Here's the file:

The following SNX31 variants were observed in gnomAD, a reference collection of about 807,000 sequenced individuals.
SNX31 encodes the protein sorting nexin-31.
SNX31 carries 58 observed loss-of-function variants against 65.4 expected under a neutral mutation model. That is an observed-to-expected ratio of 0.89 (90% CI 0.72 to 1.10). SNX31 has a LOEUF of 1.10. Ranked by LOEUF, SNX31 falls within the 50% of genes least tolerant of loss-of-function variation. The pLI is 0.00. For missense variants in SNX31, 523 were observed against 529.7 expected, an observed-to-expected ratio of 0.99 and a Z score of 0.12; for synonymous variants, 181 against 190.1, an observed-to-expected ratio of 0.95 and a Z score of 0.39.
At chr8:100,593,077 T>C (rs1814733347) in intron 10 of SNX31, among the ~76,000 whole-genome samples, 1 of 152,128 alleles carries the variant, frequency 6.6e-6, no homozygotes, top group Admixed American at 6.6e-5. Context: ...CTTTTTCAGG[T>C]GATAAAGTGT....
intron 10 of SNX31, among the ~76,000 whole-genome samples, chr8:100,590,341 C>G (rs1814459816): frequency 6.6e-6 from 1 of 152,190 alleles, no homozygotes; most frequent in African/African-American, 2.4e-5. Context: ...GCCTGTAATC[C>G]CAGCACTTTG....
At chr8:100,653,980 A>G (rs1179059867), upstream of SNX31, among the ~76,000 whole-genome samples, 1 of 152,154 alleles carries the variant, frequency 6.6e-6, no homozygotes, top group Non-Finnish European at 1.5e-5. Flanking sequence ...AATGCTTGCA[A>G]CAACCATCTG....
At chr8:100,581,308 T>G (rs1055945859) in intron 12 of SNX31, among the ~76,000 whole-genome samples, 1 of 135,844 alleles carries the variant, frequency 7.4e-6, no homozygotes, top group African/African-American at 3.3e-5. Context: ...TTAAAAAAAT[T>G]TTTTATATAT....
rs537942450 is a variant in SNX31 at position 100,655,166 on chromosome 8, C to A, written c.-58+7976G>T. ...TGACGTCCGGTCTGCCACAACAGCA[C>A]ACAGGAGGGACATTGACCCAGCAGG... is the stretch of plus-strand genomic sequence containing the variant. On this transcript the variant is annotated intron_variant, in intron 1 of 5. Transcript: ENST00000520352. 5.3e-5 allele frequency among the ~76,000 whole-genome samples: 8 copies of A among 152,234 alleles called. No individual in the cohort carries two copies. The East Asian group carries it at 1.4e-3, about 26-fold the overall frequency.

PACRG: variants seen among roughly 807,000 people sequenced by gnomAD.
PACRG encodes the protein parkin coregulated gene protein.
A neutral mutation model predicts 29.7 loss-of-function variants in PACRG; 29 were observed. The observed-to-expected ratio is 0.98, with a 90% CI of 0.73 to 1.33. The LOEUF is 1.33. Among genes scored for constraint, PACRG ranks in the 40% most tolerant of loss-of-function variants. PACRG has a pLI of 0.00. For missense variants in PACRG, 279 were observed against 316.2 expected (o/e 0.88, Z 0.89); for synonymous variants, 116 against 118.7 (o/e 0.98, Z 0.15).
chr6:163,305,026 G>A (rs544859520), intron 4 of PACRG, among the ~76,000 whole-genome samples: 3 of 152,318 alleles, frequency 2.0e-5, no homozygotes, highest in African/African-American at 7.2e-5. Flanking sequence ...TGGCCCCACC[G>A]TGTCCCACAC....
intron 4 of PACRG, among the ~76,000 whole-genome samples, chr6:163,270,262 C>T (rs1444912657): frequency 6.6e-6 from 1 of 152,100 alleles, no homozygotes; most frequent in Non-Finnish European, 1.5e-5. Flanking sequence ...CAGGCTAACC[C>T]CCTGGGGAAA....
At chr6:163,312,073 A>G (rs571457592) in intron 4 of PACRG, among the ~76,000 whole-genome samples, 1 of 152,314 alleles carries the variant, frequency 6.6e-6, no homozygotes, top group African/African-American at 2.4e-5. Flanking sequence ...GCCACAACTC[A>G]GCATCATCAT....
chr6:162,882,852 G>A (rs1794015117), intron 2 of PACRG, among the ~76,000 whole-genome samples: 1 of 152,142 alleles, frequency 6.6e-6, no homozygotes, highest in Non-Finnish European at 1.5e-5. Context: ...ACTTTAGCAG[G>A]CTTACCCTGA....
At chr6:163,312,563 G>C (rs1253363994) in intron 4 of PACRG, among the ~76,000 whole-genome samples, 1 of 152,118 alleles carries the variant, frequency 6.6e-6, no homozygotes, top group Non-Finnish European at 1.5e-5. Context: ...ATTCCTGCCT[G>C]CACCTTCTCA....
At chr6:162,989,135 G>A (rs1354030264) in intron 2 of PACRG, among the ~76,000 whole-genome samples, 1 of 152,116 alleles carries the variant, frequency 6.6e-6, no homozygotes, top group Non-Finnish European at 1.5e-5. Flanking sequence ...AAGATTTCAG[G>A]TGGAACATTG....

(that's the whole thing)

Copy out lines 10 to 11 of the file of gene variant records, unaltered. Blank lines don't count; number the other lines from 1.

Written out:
PACRG encodes the protein parkin coregulated gene protein.
A neutral mutation model predicts 29.7 loss-of-function variants in PACRG; 29 were observed. The observed-to-expected ratio is 0.98, with a 90% CI of 0.73 to 1.33. The LOEUF is 1.33. Among genes scored for constraint, PACRG ranks in the 40% most tolerant of loss-of-function variants. PACRG has a pLI of 0.00. For missense variants in PACRG, 279 were observed against 316.2 expected (o/e 0.88, Z 0.89); for synonymous variants, 116 against 118.7 (o/e 0.98, Z 0.15).